Montréal comprises a large geographical area, and has a modern and efficient public transport system to serve its residents. One popular desire when relocating to a new city is to ‘live a few minutes from a metro station’ – but in Montréal, there are large portions of the greater metropolitan area that are not served by the metro system, so many Montréalers live a bus ride away to the nearest metro. However, the bus system is very reliable, and during the winter, most Montréalers will hop on a bus even if the metro is just a few stops away!
Montréal Metro and Trains
Opened in 1966, the Montréal Metro System is run by the Société de Transports de Montréal (STM) and consists of four interconnected lines. In total, there are 68 stations across the Greater Montréal area.
The four lines are colour-coordinated to help you find your way around. There is the Green Line, the Orange Line, the Yellow Line and the Blue Line. There are also five suburban train lines that are operated by the réseau de transport métropolitain (RTM) and serve towns in the Laurentians, Laval, Vaudreuil-Soulanges and Montérégie.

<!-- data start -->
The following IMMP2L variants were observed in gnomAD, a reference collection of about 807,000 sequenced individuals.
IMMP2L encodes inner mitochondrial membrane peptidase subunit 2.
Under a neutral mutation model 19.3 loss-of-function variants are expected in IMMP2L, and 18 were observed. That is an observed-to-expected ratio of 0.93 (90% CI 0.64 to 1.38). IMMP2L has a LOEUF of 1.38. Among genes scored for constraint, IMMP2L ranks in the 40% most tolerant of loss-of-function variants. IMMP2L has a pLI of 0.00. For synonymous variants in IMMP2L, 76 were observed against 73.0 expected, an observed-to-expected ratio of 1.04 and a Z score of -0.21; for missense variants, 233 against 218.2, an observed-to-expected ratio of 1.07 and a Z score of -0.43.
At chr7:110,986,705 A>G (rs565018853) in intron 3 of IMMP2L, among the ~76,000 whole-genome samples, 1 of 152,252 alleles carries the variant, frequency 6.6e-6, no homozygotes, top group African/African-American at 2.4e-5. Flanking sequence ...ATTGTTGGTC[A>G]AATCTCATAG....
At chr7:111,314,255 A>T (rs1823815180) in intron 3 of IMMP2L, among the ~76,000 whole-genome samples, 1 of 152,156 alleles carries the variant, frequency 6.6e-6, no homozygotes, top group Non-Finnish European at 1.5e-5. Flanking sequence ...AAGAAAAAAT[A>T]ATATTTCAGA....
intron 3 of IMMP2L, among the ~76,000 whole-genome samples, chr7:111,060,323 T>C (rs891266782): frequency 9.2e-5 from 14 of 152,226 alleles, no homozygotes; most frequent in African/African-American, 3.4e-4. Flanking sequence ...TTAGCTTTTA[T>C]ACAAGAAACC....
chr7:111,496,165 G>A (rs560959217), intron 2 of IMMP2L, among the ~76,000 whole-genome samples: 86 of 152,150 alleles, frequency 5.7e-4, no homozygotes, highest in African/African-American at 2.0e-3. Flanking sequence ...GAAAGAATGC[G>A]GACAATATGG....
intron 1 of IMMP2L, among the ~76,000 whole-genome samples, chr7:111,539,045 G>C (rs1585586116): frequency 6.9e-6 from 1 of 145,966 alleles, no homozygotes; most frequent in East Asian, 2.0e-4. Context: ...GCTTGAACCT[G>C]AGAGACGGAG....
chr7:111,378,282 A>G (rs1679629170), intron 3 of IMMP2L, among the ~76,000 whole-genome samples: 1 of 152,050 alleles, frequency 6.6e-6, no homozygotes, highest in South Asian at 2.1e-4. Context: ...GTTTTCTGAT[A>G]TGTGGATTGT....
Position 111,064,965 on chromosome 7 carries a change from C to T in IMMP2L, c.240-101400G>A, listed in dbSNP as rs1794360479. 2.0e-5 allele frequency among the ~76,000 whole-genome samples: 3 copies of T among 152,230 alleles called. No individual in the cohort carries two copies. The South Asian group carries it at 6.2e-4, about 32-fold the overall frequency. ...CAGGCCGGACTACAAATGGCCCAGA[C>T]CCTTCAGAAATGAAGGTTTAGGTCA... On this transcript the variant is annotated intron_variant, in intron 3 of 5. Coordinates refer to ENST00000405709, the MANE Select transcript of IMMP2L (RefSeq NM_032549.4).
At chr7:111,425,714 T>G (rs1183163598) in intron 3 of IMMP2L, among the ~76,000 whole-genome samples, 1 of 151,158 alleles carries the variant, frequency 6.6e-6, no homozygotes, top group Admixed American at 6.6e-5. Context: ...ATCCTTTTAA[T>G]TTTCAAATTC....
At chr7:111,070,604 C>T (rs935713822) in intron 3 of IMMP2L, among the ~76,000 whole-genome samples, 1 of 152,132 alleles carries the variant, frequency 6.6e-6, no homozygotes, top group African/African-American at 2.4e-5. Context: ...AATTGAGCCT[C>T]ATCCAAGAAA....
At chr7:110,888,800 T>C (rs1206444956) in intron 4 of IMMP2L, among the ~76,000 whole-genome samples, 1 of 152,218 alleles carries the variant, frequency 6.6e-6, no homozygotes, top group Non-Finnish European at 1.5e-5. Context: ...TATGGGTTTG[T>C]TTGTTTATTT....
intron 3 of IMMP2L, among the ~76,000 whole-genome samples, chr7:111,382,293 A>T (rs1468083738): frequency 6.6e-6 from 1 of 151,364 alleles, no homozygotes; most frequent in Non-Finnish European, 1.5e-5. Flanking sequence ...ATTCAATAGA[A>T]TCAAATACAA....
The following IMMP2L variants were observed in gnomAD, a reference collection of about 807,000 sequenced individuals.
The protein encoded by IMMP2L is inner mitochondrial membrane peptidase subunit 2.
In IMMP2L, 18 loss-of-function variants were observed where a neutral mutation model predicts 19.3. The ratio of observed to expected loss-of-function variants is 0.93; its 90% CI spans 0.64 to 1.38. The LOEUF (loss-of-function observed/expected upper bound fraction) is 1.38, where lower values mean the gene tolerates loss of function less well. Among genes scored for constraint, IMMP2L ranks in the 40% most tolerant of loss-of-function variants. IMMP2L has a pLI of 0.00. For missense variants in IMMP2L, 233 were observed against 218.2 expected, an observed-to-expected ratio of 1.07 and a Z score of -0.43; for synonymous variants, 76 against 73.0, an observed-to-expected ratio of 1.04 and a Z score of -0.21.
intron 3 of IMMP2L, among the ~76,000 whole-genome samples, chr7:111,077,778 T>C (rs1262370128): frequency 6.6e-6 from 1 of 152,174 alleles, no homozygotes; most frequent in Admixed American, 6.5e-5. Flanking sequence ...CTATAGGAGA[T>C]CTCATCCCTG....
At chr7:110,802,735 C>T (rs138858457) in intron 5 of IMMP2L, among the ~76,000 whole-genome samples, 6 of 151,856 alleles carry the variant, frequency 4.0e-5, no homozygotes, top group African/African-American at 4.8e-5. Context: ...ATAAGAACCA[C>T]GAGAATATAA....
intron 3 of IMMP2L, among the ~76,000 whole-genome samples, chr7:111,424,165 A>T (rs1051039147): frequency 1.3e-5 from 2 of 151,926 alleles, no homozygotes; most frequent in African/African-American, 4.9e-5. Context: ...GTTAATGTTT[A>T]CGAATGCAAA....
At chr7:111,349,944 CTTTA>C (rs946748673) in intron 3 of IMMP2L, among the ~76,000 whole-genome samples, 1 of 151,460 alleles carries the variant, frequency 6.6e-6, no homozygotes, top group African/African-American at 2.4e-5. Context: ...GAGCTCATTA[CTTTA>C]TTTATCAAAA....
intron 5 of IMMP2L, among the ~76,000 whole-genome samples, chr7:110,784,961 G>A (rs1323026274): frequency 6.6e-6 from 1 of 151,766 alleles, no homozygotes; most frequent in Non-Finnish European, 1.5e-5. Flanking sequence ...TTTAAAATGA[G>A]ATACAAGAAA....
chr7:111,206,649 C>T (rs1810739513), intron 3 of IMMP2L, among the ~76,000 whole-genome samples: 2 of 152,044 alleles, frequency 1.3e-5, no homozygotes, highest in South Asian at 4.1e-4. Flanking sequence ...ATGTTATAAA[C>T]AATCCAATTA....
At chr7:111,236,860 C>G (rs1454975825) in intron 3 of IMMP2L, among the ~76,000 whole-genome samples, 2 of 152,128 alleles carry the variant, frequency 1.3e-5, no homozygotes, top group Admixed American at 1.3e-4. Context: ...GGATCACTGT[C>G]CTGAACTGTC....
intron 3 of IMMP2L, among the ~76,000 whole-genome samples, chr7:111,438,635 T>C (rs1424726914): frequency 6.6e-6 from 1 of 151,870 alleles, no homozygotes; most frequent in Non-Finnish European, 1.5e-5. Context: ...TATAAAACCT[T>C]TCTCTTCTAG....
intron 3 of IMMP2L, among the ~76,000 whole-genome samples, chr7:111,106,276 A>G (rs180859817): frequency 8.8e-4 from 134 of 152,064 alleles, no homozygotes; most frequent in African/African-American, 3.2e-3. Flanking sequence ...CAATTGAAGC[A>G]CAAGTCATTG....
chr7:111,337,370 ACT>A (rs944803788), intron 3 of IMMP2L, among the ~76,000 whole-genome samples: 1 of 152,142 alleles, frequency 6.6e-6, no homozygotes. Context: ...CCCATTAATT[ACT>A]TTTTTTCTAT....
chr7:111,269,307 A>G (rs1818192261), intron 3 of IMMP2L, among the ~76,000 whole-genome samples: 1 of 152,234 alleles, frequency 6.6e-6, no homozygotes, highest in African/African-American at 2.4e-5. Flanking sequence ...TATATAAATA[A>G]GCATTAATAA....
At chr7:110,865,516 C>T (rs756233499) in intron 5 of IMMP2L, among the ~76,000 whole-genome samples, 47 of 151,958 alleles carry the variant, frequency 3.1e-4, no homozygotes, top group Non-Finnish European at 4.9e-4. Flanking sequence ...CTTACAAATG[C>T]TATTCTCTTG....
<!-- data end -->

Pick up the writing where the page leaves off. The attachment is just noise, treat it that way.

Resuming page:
The metro serves about 1,298,400 daily passengers on an average weekday, making it North America’s third busiest by daily ridership, behind only New York City and Mexico City.
Click here for more information about the STM.
There are approximately 8,500 bus stops in the Montréal area, across 197 daytime and 20 nighttime routes. The bus stop panel indicates the number of the route, the type of service, if the bus goes to a métro or train station and the bus stop code enabling you to obtain the schedule by telephone at 514-AUTOBUS or 514.288.6287.
At peak times, expect a bus at least every 10 minutes.
As with other major cities, Montréal operates a reloadable fare card, OPUS, which is valid everywhere on transit in Greater Montréal.
As of July 2018, a single fare costs $3.25 (with concession prices available), while a monthly pass costs $85.00. For full fares and details, visit the STM site.
Photo credits: stm; Alexcaban